And there have been others, too. Often when a story breaks, my reaction is “I fucking knew it!”, and I immediately text my female friends in the industry about how we all knew it. Something about him set off our spidey senses, even if it wasn’t something we could call out.
But last week Sohee Lee went on The Best Life Podcast (with Jill Coleman and Danny J) and disclosed the abuse that had been happening in her 4.5 year relationship with Bret Contreras, a man who was someone I not only respected and admired professionally, but I also felt a personal kinship with.
Bret never set off my spidey senses, although looking back I can see that he probably should have. Her stories connected some dots.
I was in an uber on the way to the gym when I heard that part of the podcast. I cried in the uber, and I cried at the gym. I cried a lot actually. This one felt different.
Bret had been a personal and professional hero of mine. He was extremely kind, and supportive of my work. He had a college frat boy kind of vibe that I found hilarious, because it was connected to a secret geek with a PhD who ran research and published papers on exercise mechanics.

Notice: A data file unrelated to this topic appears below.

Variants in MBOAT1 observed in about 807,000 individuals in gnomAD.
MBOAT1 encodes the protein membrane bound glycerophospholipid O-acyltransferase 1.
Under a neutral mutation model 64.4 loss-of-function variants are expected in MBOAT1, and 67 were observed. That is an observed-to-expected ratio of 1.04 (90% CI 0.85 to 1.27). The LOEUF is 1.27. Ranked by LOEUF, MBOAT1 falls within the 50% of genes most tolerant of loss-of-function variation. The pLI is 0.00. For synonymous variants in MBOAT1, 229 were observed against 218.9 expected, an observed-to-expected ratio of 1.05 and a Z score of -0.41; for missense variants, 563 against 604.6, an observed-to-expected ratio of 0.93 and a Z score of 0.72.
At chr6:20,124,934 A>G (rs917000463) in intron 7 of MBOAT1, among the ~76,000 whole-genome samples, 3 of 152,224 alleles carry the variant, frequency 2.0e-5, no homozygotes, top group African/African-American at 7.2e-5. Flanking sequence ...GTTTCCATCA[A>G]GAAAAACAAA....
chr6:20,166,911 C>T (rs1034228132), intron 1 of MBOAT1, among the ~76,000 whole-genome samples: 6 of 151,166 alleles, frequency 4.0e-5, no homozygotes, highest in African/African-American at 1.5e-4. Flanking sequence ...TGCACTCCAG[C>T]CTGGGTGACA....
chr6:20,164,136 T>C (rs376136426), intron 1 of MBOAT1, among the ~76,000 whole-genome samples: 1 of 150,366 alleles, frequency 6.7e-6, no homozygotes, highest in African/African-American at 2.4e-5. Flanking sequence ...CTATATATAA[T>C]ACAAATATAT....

He seemed to celebrate and champion women. I loved his work, which was geared toward helping women get strong as fuck. But I also just liked him on a personal level. And I liked that he seemed to like me.
Like everyone else, I am fallible. This guy was a kind of “god among men” in my industry, and he seemed to find me funny, and smart. He made me feel fucking cool. I liked feeling fucking cool.
Looking back I can’t help but wonder if he was sort of just flirting with me, doing some pre-grooming, and I feel disgusting. If it hadn’t been Sohee, it could have been someone else. It could have been me.
And worst of all, this whole time my friend Sohee was dealing with gaslighting, verbal abuse, infidelity and all the other classic signs of emotional manipulation, and nobody knew. She’s too smart, too confident, too funny and caring and successful. (Seriously though, if you’re into super legit fitness info, check her out.)
This is how abuse works though.
Nobody would ever guess which people are abusive from the outside, and nobody would guess which people are being abused. It often doesn’t fit the mold we want it to in our heads, of some horrible violent monster of a dude bossing around a weak insecure mousy girl… and so we miss it.
But given the statistics, I feel like maybe we should start guessing differently, and being automatically suspicious of those (men) in positions of power and authority, anywhere and everywhere. Maybe we shouldn’t let them be in those positions in the first place.
I wish I had something empowering and inspiring to wrap this up with, but I don’t.
Tomorrow I will get back to work fighting oppression in all its forms.
But today my heart is simply broken.